KIGALI - After Rwanda’s second presidential election schedule was announced, the Commonwealth Observer Group (COG), a body that was constituted by the Commonwealth Secretary-General at the invitation of the National Electoral Commission of Rwanda (NEC)named its observer mission to the polls.
COG’s mandate was to observe the preparation for the elections, the polling, counting and the overall electoral environment.
The team, was headed by Dr Salim Ahmed Salim a career diplomat and former Secretary General of the Organization of African Unity(OAU).
Fred Oluoch-Ojiwah of The NewTimes spoke to Dr Salim prior to the completion of COG’s mission.
Dr Salim give us a brief of your mission
We are here to observe the elections. I have to underscore the term observe which is totally different from monitoring or supervising.
We have been here for 2 weeks. Prior to that we had a pre-assessment mission. In the course of our stay we have met extensively with the stakeholders.
We also observed the last days of the campaigns. Lastly we observed the elections.
What is the outcome of your mission?
We are extremely impressed by the determination of Rwandans to exercise their democratic rights.
Rwandans did so by coming to the polling stations in their millions. The polls were extremely calm. I must also say that the polls were almost carnival like.
I have observed many elections but normally you don’t get that kind of mood engulfing the citizens.
That brings me to my next question which is to compare in your own words the just concluded Rwandan polls and other elections you have observed elsewhere.
It is difficult to make a comparison.
By that I mean that a report of sorts will be made by your team and in that report you definitely will talk about how different the situation was in Rwanda from other countries which you have done this kind of work.
Definitely our report will come out. The report will talk about so many things even the shortcomings as we saw them as well as those things we considered to be exemplary.
By and large, we have been able to have a feel of the place. You are aware that Rwanda is the latest member of the Commonwealth.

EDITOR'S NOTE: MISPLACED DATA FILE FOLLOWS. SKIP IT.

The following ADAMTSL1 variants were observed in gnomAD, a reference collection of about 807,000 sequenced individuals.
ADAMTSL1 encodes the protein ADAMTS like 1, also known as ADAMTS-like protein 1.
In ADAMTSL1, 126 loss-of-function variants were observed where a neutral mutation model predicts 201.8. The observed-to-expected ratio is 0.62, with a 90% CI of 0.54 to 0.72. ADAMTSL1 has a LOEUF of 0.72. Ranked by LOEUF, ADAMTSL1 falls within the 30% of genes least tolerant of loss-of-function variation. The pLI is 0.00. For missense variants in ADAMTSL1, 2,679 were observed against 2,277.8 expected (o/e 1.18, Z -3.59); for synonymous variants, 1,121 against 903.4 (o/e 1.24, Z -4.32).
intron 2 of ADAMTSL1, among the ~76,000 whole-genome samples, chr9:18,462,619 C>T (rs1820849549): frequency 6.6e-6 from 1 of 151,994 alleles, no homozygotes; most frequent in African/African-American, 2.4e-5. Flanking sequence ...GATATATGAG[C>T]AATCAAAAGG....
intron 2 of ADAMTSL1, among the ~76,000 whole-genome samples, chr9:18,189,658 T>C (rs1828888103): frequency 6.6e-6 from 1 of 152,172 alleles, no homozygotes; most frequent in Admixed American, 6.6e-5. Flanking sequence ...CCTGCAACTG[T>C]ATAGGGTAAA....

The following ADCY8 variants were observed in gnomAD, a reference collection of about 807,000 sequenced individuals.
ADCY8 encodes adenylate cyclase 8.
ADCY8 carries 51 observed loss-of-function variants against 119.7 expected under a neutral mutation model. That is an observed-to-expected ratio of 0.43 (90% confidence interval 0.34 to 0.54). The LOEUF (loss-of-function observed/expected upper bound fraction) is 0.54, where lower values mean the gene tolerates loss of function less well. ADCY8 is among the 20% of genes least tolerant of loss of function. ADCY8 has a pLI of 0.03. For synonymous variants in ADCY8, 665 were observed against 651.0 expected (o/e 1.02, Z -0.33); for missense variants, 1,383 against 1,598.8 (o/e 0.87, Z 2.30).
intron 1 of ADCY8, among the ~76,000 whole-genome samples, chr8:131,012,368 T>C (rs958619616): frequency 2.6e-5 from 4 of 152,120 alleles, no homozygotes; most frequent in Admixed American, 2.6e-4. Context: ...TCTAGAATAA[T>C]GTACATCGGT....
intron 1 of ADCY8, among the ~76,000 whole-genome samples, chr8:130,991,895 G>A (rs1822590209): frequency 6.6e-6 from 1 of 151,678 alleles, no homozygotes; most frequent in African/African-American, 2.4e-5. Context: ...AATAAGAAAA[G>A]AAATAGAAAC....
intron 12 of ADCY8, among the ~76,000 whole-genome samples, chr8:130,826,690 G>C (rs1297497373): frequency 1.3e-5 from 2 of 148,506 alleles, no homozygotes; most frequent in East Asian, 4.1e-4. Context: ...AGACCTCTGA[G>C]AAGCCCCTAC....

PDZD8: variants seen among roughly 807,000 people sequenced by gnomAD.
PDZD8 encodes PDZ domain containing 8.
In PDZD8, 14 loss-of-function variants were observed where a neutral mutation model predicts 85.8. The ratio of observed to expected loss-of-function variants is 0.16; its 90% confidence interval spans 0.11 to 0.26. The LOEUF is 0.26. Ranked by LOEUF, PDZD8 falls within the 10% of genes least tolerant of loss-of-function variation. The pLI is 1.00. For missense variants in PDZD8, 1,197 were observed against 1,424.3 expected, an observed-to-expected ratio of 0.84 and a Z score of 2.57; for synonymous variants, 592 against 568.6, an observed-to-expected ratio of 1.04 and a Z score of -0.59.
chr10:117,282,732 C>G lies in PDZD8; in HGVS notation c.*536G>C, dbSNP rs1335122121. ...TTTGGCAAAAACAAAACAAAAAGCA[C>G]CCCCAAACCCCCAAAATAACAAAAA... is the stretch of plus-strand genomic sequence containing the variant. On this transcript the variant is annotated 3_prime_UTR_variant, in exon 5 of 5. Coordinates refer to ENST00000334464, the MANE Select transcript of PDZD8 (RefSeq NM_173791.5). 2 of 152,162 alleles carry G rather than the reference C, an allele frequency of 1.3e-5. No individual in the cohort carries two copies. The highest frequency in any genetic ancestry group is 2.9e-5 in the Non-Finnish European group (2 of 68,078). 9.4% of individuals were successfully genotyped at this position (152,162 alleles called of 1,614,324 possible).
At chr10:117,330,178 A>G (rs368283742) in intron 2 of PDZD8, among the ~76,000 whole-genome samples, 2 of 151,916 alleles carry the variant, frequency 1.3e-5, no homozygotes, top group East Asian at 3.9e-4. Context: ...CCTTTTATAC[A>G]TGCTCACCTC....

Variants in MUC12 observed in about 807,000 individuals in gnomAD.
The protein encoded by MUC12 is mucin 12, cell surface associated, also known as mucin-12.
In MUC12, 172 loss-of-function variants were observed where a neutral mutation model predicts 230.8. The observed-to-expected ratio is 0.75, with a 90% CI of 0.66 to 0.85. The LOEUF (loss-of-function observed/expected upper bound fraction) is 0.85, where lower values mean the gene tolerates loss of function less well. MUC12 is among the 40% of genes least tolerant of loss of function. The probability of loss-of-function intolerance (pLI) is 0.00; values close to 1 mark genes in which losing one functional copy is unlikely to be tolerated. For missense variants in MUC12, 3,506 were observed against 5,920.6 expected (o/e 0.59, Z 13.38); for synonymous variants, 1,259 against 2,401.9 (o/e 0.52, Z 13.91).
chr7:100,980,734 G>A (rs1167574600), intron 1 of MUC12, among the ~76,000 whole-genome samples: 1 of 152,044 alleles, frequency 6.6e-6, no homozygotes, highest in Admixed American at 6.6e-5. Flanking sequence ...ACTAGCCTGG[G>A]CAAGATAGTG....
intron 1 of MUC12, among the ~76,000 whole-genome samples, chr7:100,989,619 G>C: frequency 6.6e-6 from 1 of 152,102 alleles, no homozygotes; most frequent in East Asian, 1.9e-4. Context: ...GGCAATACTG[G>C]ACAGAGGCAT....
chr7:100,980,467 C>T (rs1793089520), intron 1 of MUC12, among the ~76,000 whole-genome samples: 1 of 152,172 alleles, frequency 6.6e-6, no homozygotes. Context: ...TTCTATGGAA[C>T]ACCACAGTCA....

In that context we strive to highlight how the Rwandan polls compare to the set commonwealth principles. We want to ascertain how Rwandan polls conform to the international principles.
What I can say is that the polls have been peaceful. In that particular context such an outcome is an impressive thing. As you know that some elections in our continent cannot be said to be peaceful.
The second point is that given the jovial atmosphere that punctuated the elections compared in sharp contrast to confrontational elections that characterized elections in other African countries, one can say that Rwandan polls stood out as good.
Lastly the National Elections Commission (NEC) did a very good job with respect to overseeing the entire process. However we noted a few shortcomings here and there that should serve as lessons to NEC in terms of consolidation of the tallying process from the local to the central levels.
Your ties with Rwanda goes back to its dark days when its people were trying to search for a new dispensation. You have just visited since the days of the 1994 Genocide against Tutsi. For Rwandans it has been a long political journey. What do you have to say about what you are seeing happening around?
You are right about my ties with Rwanda. I have been involved with Rwanda’s peace process in my capacity as the Secretary General of the Organization of African Unity (OAU).
Given that position I visited Rwanda quite often. I saw the hopes for peace when the peace agreement was being negotiated. I saw the breakdown of the peace process.
I witnessed the atrocities and the total destruction that were committed. Coming back 16 years later, I can only say that there has been a dramatic transformation. The progress is visible.
Let us talk about the shortcomings you observed.
The shortcomings were minor by nature that happens in similar polling environments elsewhere.
For instance while the casting process was perfect, delays at the district levels to conclude the counting served as one of the short comings that we observed.
How can Rwandans enrich their democracy?
To begin with you have to start from where you are coming from. Rwanda has gone through extremely difficult complex situations.
So whenever you want to make an assessment you have to go back to see where they were before. The effect of the Genocide against the Tutsi is a case in point. That is very important.
Point number two is that Rwandans are conducting their second presidential elections under a new dispensation. Obviously there have been some improvements in the system that is being established.